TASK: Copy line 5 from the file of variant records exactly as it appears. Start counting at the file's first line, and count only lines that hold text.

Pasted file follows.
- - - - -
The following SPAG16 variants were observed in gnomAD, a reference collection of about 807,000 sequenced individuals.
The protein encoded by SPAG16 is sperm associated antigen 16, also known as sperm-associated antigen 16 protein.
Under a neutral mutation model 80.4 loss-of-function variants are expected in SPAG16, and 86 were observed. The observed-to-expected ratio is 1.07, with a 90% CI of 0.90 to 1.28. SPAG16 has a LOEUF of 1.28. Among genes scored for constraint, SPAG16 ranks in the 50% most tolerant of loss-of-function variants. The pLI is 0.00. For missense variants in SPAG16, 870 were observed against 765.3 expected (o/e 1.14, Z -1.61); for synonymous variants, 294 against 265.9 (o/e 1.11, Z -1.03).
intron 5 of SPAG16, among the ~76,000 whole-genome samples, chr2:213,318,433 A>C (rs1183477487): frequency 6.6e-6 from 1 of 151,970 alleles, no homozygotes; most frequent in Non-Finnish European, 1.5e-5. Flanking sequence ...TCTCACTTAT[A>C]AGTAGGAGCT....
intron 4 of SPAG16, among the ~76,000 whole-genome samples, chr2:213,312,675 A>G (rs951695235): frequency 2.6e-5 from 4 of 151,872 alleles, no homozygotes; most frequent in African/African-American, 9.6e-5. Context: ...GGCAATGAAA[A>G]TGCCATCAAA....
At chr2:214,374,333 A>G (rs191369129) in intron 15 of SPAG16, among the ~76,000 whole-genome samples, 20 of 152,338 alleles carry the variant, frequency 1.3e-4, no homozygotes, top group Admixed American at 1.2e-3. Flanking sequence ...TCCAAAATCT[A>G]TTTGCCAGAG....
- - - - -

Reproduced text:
intron 4 of SPAG16, among the ~76,000 whole-genome samples, chr2:213,312,675 A>G (rs951695235): frequency 2.6e-5 from 4 of 151,872 alleles, no homozygotes; most frequent in African/African-American, 9.6e-5. Context: ...GGCAATGAAA[A>G]TGCCATCAAA....